AS: I did not give him any “briefs”. We sat together and decided on the songs. For example, we were stuck on Tagore’s “Ekla Cholo Re”, because it happens to be a favourite among our politicians. We asked Srijato (Bandopadhyay) to translate it into Hindi, though there is already an official Hindi translation. The other songs used in the candle march towards the end are “We Shall Overcome” and the “Internationale”, also in Hindi. For the theme song, we asked Ustad Rashid Khan to sing in Ramdasi Malhar, which blends into the inner and outer conflicts. I instructed Neel to use the same tunes as the theme music, but to change the instrument for different characters, so that they had their signature tunes. Sometimes, we hear a female voice joining in, sung by Arpita Chatterjee. I wanted the music to blend into the story and it has. There is another beautiful song composed by Vidyapati in Braja Bhasha, which is a love song.
SC: You have used real life characters with slightly different names, but are transparent. Why so?
AS: They are drawn from real life. The way they are shown in the film is true to their lives. Mahashweta Devi’s name has been changed to “Shweta Devi” (played by Sohag Sen), who spent most of her life working and living with adivasis. Binayak Sen, the doctor who was imprisoned for his wonderful work, has been named “Binoy Sen” (Jagannath Guha). He is liberal-minded and even says that as he is a doctor, he does not differentiate between treating a victim or an accused. In real life, Dr Binayak Sen is an activist committed and dedicated to community health and human rights. Dr Sen was arrested on false allegations of sedition on May 13 2007, joining dozens of other human rights activists in Indian jails who have been charged under repressive “Black Laws.” He was extremely active in the Bastar-Dantewada forest area of Chhattisgarh. I just felt he had to be in my film. Nikhilesh, an investigative journalist, wishes to interview him and gets involved in the movement.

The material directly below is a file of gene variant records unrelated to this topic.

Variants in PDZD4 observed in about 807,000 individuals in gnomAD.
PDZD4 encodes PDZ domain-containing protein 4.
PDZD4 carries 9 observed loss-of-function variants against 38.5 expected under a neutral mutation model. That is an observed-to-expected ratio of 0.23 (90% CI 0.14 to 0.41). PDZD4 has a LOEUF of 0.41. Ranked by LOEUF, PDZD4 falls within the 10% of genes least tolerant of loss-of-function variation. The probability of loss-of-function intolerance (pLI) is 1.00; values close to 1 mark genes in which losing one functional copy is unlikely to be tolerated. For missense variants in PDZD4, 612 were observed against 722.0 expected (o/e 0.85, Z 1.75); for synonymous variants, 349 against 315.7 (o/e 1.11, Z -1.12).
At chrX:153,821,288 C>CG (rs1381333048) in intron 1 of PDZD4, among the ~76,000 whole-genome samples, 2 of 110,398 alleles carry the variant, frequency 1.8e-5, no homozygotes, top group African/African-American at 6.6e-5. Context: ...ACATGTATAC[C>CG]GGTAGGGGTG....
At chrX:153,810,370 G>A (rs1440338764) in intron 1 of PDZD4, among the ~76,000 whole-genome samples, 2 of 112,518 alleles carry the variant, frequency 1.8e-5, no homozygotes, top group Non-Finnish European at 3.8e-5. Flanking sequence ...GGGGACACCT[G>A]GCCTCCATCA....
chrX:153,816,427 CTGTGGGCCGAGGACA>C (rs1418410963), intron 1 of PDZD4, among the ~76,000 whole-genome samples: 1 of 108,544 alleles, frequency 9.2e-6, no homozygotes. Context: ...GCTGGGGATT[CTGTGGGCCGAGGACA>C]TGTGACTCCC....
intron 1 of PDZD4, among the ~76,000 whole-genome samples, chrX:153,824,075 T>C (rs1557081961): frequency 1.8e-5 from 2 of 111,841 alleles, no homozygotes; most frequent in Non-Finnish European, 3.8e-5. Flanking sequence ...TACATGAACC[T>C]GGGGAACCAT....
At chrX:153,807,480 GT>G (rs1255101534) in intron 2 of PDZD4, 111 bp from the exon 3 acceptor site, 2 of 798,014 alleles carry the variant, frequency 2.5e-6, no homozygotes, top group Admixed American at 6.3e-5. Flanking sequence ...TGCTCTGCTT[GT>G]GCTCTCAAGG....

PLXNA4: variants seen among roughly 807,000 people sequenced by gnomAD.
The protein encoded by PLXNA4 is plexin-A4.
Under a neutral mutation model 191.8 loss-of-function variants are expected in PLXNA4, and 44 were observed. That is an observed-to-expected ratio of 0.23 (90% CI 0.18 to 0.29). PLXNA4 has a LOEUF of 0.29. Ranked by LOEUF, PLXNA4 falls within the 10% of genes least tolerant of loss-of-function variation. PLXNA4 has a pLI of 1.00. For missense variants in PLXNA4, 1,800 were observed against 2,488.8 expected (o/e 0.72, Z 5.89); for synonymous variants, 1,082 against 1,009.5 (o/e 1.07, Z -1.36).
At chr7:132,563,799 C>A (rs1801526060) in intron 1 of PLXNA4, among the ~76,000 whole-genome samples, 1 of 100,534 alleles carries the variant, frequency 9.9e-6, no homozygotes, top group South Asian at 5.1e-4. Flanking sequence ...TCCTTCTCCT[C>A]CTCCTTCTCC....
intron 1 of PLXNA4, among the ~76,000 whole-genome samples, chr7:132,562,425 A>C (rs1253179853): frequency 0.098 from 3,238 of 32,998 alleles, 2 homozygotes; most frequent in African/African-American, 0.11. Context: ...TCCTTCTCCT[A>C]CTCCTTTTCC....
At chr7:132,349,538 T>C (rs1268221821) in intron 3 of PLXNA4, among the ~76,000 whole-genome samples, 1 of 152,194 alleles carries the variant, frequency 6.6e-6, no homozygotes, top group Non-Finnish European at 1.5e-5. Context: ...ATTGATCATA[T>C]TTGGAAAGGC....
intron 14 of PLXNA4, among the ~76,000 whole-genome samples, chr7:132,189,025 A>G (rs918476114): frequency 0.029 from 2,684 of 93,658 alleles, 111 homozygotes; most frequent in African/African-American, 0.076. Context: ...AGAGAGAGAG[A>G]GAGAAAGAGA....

SC: You have turned Sandip into a “Jha”, who is a professor settled in Patna. Why?
AS: I gave Sandip the family name “Jha” because I have realised that people like to go back to their roots after a point of time. So does Sandip, who knows Bengali like a native-speaker, but chooses later to settle down and teach in Patna. He has an extremist streak in him, whether it is during his younger Left-leaning days or his current support of the Hindu Right. He comes to Delhi to deliver a series of lectures at the Bharat Seva Mission. Instead of staying at the Mission’s guest house, he chooses to live with the Choudhurys. He has an agenda which I would not like to reveal here.
SC: The Choudhurys also have a Muslim maid, Shahnaz. Why?
AS: They are liberal and progressive and this applies to Nikhilesh’s character in Tagore’s novel and Satyajit Ray’s 1984 version also. In Tagore’s novel and in Ray’s film, this open-minded secular trait was understated, but we are talking of 2019. It provides a broader rationale to Nikhilesh’s character and his slow but steady involvement in activism.
SC: In the electrifying climax, you make Brinda act in a way that doesn’t seem grounded in her characterisation up until then. Do you agree?
AS: I agree, but if you ask me, I really do not know why she acted the way she did. Sometimes, your characters begin to have a life of their own and go out of your grip. This is what happened in this case. I know this sounds absurd, but it is true.
SC: I believe that your films are drawn to what is good and humane. All your films, according to me, do not move away from this ideology. In your capacity as a director, have you ever had to move away from your ideological stance due to external reasons beyond your control?
AS: This is very true. I have never moved away from my ideology in any of my films. Though I want my films to be commercially successful, I do not want to do it at the cost of my ideology. Thanks to my producers, the need to move away from my ideological stance has never arisen.